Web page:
Changes in Glacier and Ice Shelf Extents in a climate warming hot-spot - the Antarctic Peninsula
Alison COOK, AXA Research Fellow
Year of selection
Support by the AXA Research Fund
TYPE OF SUPPORT
Keeping tabs on Ice Meting
The Antarctic Peninsula (AP) is both one of our
planet’s coldest locations and a major climate
warming “hot spot,” thought to be one of the largest
contributors to the current rise in sea level.
Alison Cook was not put off by the cold, however:
she explored this remote and harsh area to gather
data and survey glaciers over the course of three
expeditions. The geometry and dynamics of glaciers
have changed over the past century in this
region. Cook is trying to identify the main drivers
of glacial retreat, with particular attention to climatic
conditions. Her innovative approach combines
satellite imagery and aerial photographs to
provide comprehensive coverage of the changes
over a wide area. Her ultimate aim is to deliver a
Geographic Information System (GIS) database of
AP glaciers in order to identify patterns of change.
She hopes to enable better predictions of glacier
response to climate change over the next century
in this sensitive region.
her PhD following 10 years of work with the British Antarctic Survey. Her role there
as Geographic Data Analyst primarily involved compilation of new topographic
maps for the scientists who visit these harsh environments, including fieldwork
to gather aerial photographs and survey positions. Her job also included a wide
range of other mapping projects, such as making maps for publication, maps to assist
with logistics for Antarctic fieldwork and scientific research into changes in
glacial features. Under a joint project between the US Geological Survey and
British Antarctic Survey, ‘Coastal-Change and Glaciological Maps of Antarctica’
she used aerial photographs and satellite imagery, explorers’ maps and reports
to map the changes in ice extent on the AP over the last century. This project
finished with the delivery of the most comprehensive GIS database of changes in
ice extent around the AP, three hardcopy maps showing these changes and a paper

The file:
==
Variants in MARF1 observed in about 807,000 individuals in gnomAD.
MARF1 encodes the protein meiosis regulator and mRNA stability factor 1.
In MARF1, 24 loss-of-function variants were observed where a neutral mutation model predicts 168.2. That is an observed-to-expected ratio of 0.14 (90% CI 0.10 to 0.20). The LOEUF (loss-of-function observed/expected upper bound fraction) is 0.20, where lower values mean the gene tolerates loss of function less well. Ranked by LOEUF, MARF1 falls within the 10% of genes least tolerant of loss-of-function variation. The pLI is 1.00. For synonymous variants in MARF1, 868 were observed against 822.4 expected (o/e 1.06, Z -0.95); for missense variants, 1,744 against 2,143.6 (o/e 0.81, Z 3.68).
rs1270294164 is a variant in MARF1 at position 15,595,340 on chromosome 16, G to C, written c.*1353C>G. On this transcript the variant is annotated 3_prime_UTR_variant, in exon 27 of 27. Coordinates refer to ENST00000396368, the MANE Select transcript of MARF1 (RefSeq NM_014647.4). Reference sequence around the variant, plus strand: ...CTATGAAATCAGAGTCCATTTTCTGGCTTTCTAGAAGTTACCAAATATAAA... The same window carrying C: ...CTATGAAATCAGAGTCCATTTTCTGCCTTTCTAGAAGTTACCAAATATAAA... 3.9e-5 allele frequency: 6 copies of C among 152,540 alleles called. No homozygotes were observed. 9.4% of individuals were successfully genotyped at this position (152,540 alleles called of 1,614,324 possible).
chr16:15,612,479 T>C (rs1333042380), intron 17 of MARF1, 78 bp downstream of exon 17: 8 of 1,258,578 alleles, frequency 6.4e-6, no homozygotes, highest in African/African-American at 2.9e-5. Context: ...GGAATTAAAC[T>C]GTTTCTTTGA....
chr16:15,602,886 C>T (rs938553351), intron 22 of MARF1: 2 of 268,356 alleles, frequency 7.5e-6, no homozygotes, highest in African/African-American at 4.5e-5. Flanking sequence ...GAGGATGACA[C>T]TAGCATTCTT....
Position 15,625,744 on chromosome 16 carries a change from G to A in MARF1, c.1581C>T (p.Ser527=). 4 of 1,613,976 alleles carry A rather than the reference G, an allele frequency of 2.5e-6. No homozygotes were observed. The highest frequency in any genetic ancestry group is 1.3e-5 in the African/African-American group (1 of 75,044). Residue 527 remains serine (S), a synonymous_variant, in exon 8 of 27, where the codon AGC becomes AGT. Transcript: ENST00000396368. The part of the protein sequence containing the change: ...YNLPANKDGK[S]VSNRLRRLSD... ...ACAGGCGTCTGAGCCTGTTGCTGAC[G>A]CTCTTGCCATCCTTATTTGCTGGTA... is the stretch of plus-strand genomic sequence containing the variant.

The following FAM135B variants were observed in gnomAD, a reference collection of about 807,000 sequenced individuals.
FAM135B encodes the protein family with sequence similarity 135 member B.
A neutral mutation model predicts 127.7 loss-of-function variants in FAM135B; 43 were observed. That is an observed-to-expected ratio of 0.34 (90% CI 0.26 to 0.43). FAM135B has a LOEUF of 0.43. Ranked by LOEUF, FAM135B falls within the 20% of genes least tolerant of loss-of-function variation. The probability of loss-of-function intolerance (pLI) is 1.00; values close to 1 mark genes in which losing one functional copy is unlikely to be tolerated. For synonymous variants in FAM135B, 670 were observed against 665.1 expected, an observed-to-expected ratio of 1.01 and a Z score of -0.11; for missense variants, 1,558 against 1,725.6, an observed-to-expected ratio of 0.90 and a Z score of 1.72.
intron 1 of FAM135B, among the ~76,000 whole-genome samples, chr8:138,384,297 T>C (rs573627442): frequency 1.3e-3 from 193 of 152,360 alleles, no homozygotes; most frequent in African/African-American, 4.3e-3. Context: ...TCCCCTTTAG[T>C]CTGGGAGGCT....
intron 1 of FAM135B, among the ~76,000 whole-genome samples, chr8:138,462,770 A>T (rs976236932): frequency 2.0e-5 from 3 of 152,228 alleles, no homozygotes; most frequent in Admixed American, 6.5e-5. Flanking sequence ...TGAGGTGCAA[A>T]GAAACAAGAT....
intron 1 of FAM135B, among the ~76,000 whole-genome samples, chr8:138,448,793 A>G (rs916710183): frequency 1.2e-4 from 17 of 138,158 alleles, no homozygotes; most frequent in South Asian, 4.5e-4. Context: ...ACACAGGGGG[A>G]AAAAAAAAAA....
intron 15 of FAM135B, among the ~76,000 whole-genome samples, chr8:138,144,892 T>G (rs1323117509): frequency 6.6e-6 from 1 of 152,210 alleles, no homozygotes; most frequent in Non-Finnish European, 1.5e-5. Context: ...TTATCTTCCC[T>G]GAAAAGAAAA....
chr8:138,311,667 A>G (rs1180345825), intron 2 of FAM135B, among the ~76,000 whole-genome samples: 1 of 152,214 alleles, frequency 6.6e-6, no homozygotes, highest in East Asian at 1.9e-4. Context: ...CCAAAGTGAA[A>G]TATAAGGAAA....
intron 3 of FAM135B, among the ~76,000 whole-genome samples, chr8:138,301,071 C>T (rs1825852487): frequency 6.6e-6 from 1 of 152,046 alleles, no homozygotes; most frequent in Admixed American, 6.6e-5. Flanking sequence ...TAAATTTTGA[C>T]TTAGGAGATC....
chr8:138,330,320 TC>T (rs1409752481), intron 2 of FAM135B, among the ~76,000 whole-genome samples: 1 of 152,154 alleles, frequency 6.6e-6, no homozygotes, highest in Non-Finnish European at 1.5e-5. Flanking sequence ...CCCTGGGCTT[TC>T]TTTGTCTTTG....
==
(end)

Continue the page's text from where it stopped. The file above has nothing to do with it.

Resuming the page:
published in Science summarising the trends (Cook et al., 2005).
at the British Antarctic Survey, Alison studied for an MSc in GIS at Edinburgh
University, where her dissertation examined changes in volume of a glacier in
Iceland using photogrammetric techniques. Prior to that, she attended St
Andrews University for her degree in Geography. Growing up in Scotland, she has
always had a love for the outdoors and a desire to understand the physical
processes behind the formation of our landscapes.
What has your AXA fellowship brought you?
fellowship has brought me the fantastic opportunity to do a research project
that I am passionate about. The Antarctic Peninsula is a “climate warming
hot-spot” and contains extensive glaciers that are retreating rapidly and
contributing to global sea-level rise. Currently, we know very little about
these glaciers, or the processes controlling changes in their extent. The aim
of my project is to fill this knowledge gap and study how and why the glaciers
have changed over the past century, which will assist with predictions of how
they may contribute to future sea-level rise.
The funding has
enabled me to come and study this topic as a PhD at Swansea University in Wales,
joining a Glaciology group that is well-recognised for its Polar research,
giving me a strong supportive environment and allowing me to develop my career
within an experienced team.
With the AXA
fellowship I am able to expand my knowledge by attending courses and
conferences and meet with scientists internationally in this field of research.
The funds have also allowed purchase of the equipment, software and data
required for the interpretation of the glacier changes.
Could you describe your experiences with the AXA
Research Fund community?
I began my PhD
in October 2010 and have already met with other researchers who are studying various
aspects of the environmental risks of climate change. AXA gave us the
opportunity to get together and share ideas and report on our latest findings,
and make useful contacts for future research. The AXA ‘Talent Day’ meeting at
the headquarters in Paris also gave us the chance to speak to two leading
scientists, Professor Hervé Le Treut and Sir Brian Hoskins, and hear about
their latest research on climate-related topics. I was very impressed by this
event and all the opportunities it gave us to assist with our work.
Can you briefly describe what your research project is
My research focuses on the extensive glaciers
in the Antarctic Peninsula that are retreating
rapidly and contributing to sea-level rise. We need to understand the processes
controlling the changes in their extent, so I will analyse spatial patterns of
change over the recent past, combined with information on changes in geometry
and dynamics of the glaciers. Alongside meteorological and ocean temperature
records, this will help to determine the main drivers of glacial retreat. The
results will be improved predictions in likely future changes of ice shelves
and marine glaciers in the Antarctic Peninsula, a region that is thought to be
one of the largest contributors to current sea-level rise.
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